In her 1961 book The Death and Life of Great American Cities, the urban theorist and author Jane Jacobs wrote about what makes cities dynamic, safe, and humane. Responding to what she saw as negative trends in American urban planning (including plans to remake her native New York), she proposed that physical environments need to meet four conditions.
They needed to have: 1) mixed use neighborhoods, with residential, commercial, and industrial buildings; 2) small blocks that promote walking 3) a mix of old and new buildings that cater to high- and low-rent tenants, and 4) sufficient density to create a critical vital mass. If cities miss any one of these elements, a neighborhood could fail.
Jacobs was influential in stopping the redevelopment of Toronto and parts of New York City. But critics complained that her theories were not founded in any actual evidence: Her ideas seemed true, but you couldn't prove it. Well, now it may be possible. New research using mobile phone data as a proxy for vitality shows that the design of cities has a strong bearing on activity, and that Jacobs was largely right in calling for certain urban conditions to be met.
Marco De Nadai and Jacopo Staiano, two researchers from Italy, argue that mobile phone data is a useful and cost-effective way of tracking whether cities are vibrant. Their aim is to replicate research carried out in Seoul using in-person survey data, but to achieve the same results more cost-effectively. Whereas that attempt to "operationalize" Jacobs's ideas took 10 years, their research was completed in three months.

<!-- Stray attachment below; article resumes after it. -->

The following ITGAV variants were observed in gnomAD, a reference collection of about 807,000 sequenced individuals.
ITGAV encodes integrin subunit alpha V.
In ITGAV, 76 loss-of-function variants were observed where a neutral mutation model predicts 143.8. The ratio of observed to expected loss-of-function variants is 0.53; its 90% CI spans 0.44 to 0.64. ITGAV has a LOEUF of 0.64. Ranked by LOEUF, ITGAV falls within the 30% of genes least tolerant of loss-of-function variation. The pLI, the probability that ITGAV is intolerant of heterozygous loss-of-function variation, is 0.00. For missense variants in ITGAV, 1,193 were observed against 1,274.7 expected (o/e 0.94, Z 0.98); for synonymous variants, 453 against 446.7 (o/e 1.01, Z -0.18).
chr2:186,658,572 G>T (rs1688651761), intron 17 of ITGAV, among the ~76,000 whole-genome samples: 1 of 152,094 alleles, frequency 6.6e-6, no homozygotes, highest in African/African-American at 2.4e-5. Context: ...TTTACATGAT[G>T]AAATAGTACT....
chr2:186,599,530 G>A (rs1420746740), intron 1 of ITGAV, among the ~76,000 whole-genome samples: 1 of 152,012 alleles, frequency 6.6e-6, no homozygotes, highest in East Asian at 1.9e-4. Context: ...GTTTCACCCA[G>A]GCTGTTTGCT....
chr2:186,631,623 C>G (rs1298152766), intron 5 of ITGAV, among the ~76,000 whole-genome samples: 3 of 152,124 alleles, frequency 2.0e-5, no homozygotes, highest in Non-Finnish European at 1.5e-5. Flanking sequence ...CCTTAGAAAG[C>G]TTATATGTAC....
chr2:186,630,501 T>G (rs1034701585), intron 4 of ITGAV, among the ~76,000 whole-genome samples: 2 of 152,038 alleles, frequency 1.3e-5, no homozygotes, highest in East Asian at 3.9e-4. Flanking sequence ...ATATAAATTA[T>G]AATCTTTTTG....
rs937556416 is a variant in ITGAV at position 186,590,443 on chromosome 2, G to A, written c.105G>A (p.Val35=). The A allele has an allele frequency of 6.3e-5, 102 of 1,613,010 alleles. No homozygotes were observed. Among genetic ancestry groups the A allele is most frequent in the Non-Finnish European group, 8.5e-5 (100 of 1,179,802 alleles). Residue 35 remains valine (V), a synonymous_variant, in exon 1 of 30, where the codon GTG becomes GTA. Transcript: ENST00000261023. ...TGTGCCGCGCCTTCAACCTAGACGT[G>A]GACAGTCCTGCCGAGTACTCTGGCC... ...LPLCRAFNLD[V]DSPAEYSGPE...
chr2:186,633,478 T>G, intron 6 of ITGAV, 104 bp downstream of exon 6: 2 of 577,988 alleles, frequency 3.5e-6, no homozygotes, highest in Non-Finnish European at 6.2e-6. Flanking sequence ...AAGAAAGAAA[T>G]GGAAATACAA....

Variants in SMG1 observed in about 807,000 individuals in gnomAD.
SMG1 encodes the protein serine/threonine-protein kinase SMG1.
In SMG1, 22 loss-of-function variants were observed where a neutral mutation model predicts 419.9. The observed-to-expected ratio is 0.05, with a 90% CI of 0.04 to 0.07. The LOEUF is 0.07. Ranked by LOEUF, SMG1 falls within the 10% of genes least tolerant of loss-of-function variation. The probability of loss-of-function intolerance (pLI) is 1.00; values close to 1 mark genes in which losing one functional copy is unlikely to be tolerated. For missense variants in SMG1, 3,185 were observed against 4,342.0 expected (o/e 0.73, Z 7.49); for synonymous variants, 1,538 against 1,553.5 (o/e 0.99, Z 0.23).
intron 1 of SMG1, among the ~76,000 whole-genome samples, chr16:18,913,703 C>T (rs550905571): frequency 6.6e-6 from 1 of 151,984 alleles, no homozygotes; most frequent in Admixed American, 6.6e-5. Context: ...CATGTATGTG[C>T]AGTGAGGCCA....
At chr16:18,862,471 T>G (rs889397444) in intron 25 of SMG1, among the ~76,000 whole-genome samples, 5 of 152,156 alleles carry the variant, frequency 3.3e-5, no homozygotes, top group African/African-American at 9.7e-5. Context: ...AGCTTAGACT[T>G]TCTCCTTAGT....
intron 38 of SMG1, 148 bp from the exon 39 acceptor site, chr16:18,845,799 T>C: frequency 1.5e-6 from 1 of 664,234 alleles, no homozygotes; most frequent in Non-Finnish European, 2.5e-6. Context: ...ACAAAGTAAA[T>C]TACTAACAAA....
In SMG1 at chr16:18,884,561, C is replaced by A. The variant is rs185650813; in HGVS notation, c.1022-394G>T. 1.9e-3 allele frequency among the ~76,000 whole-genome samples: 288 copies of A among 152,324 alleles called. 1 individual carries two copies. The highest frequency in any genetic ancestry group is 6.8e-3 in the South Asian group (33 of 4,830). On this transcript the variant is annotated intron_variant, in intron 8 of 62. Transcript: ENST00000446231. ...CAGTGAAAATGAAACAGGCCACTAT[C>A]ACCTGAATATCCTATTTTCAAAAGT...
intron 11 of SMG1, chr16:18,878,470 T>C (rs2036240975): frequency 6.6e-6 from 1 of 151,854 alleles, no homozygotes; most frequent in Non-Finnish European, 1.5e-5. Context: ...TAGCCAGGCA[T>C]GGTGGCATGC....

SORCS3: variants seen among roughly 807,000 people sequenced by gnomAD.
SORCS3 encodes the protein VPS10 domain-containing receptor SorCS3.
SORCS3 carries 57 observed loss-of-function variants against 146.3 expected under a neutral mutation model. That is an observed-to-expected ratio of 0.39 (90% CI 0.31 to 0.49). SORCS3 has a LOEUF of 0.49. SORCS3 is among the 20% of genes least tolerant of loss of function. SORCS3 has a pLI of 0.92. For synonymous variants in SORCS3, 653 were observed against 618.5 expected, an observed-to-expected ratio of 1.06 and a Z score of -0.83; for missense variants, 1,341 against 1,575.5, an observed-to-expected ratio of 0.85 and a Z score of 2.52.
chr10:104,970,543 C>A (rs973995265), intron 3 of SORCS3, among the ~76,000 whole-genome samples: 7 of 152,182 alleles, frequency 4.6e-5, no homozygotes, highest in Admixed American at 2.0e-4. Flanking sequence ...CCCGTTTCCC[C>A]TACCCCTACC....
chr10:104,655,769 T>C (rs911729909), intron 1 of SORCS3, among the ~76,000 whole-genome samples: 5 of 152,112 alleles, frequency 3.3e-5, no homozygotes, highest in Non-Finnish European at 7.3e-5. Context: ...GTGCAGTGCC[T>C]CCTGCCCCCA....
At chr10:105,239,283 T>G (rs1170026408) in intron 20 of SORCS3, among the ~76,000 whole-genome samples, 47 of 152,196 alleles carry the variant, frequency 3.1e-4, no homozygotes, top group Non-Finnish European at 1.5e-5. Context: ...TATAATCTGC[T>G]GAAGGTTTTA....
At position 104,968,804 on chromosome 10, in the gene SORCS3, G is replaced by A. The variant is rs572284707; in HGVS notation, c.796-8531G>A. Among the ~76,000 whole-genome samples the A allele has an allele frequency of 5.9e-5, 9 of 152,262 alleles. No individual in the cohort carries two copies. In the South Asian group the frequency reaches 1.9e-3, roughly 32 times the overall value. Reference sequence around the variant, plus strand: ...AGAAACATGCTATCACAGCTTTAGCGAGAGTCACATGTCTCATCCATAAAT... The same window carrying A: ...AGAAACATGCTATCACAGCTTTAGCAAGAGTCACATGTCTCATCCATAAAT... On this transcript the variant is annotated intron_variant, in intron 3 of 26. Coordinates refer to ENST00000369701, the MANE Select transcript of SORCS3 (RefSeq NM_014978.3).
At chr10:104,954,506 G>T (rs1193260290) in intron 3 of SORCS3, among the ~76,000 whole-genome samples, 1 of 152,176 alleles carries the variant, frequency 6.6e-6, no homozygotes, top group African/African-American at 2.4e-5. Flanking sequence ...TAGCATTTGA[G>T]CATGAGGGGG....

De Nadai and Staiano took six months of mobile phone data for six Italian cities—Rome, Naples, Florence, Bologna, Milan, and Palermo—tracing the location of mobile links to the internet on city maps. Then, as a proxy for urban diversity (say, the land use mix), they used data from census and land records, and Foursquare archives.
The research finds that Rome and Milan have completely different land use mixes, which leads to different outcomes. Milan is diverse. Rome is more homogeneous with districts that are only residential, commercial, or industrial. "Consequently, in Milan, vitality is experienced only in the mixed districts," the authors write.
The Italian cities meet Jacobs's criteria for short blocks that promote walking. The cities have "dense streets, which, in fact, slow down cars and make it easier for pedestrian to cross, creating what Jane Jacobs called the 'sidewalk ballet'," the paper says. "This ‘ballet’ goes beyond simple pedestrian activity. It is about informal contacts and public trust."
In an interview, De Nadai and Staiano say their method could be used to understand whether projects—say, building a new park or pedestrianizing a certain area—have had the desired effect. "Using this methodology it would be possible to quantify the effect of interventions. After ten years, you could say whether it was a good decision or a bad decision, not as a matter of interpretation, but because of the data," they say.
And which Italian cities best meet Jacobs's rubric for a vital city? They say Milan and Turin exemplify it best. Palermo the worst. But then all six Italian cities are likely more to Jacobs's idea of an ideal city than some car-centric, big-block, new-build American ones.